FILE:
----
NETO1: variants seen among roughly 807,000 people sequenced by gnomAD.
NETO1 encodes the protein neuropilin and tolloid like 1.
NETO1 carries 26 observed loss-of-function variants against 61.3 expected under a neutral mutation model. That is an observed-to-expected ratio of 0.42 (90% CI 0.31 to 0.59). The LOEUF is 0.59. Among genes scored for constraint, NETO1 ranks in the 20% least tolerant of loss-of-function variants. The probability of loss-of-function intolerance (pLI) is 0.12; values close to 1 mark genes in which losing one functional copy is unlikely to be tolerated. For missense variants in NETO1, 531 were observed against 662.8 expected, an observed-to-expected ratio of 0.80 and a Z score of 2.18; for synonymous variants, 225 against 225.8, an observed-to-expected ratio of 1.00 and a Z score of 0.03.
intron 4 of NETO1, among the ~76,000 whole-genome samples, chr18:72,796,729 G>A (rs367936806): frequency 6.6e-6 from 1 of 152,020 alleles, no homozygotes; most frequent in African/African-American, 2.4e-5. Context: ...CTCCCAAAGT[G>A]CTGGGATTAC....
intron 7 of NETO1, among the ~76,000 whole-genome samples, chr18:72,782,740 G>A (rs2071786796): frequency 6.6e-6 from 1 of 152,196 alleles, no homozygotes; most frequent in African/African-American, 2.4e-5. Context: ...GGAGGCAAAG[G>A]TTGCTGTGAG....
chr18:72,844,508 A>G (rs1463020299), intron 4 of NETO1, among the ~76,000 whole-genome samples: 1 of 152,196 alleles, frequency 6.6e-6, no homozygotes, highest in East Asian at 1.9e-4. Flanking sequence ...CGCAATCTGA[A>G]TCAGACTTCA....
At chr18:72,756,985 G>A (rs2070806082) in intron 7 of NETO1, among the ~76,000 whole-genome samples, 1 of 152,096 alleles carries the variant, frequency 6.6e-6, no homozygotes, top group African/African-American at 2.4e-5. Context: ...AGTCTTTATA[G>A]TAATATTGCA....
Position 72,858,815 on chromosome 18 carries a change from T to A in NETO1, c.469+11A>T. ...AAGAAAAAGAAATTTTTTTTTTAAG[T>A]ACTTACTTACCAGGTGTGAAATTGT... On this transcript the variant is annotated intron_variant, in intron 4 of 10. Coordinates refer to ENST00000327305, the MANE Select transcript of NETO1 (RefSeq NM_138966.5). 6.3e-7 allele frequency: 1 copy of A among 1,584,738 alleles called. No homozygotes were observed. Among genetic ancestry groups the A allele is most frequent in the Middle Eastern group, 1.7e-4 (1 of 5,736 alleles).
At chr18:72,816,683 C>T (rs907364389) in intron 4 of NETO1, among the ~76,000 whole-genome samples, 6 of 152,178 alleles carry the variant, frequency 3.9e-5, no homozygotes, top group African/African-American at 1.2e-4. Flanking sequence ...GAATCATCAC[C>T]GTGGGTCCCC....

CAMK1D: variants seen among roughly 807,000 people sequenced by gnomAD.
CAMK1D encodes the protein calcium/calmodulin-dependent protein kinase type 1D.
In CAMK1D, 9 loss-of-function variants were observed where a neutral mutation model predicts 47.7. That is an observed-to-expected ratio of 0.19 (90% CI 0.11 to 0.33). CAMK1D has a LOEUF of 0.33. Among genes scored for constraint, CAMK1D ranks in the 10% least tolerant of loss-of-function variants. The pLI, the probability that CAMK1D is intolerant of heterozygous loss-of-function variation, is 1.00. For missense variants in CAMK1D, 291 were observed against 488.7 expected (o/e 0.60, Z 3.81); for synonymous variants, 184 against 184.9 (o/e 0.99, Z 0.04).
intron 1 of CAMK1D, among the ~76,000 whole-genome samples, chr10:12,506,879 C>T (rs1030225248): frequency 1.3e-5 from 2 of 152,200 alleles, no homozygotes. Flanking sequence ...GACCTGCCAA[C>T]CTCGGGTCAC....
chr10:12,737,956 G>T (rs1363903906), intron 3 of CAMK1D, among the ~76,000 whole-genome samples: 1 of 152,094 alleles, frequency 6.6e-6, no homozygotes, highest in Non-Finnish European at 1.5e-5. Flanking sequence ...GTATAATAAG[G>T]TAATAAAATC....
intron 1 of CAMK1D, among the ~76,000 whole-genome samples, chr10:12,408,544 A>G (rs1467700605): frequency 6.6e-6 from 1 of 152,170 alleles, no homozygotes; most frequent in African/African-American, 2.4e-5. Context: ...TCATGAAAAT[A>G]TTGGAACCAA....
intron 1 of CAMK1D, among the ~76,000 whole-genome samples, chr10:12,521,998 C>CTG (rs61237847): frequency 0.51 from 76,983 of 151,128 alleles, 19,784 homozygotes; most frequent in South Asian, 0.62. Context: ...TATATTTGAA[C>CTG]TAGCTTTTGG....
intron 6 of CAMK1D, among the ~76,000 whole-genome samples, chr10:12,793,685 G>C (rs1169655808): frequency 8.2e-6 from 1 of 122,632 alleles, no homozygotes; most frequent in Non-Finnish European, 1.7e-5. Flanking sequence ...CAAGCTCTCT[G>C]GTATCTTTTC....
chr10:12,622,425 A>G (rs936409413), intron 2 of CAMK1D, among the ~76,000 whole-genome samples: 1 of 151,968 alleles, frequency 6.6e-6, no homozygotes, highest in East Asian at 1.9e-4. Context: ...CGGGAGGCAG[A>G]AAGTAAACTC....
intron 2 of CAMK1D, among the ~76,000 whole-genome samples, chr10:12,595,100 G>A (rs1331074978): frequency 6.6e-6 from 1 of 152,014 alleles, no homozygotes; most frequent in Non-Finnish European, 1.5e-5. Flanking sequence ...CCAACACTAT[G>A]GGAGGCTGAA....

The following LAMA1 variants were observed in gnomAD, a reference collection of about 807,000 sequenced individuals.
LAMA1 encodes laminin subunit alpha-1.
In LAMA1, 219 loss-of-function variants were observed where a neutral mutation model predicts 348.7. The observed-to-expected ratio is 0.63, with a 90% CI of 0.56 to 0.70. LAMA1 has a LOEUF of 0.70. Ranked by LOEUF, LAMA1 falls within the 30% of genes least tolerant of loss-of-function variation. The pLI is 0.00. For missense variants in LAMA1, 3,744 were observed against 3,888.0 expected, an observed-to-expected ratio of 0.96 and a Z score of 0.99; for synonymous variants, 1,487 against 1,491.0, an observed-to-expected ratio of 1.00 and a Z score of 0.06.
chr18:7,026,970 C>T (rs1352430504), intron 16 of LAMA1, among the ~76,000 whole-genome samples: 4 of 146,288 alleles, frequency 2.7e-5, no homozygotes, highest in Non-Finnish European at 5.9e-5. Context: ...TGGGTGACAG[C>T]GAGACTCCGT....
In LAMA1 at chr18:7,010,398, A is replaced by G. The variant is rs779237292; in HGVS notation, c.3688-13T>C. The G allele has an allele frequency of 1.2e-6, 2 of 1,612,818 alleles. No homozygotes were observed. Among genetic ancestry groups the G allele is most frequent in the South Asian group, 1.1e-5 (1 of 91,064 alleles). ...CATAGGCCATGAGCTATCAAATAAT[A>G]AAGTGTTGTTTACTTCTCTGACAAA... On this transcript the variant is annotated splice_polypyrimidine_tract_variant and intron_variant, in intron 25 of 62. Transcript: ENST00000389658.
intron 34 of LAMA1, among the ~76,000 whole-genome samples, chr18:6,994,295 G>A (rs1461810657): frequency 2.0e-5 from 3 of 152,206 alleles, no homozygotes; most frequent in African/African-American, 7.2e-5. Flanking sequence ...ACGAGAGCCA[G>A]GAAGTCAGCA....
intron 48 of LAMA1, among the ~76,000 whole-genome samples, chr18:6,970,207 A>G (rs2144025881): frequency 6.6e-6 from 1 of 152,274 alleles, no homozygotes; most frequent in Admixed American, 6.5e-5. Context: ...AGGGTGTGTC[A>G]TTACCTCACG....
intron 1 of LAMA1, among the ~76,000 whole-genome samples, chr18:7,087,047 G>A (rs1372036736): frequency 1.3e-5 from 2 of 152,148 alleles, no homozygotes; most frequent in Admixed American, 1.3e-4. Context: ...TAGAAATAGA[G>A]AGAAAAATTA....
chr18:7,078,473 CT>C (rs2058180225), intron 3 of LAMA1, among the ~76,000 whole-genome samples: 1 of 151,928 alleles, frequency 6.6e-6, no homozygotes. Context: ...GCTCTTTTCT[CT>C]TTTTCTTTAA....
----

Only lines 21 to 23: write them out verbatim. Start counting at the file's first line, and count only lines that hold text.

LAMA1 encodes laminin subunit alpha-1.
In LAMA1, 219 loss-of-function variants were observed where a neutral mutation model predicts 348.7. The observed-to-expected ratio is 0.63, with a 90% CI of 0.56 to 0.70. LAMA1 has a LOEUF of 0.70. Ranked by LOEUF, LAMA1 falls within the 30% of genes least tolerant of loss-of-function variation. The pLI is 0.00. For missense variants in LAMA1, 3,744 were observed against 3,888.0 expected, an observed-to-expected ratio of 0.96 and a Z score of 0.99; for synonymous variants, 1,487 against 1,491.0, an observed-to-expected ratio of 1.00 and a Z score of 0.06.
chr18:7,026,970 C>T (rs1352430504), intron 16 of LAMA1, among the ~76,000 whole-genome samples: 4 of 146,288 alleles, frequency 2.7e-5, no homozygotes, highest in Non-Finnish European at 5.9e-5. Context: ...TGGGTGACAG[C>T]GAGACTCCGT....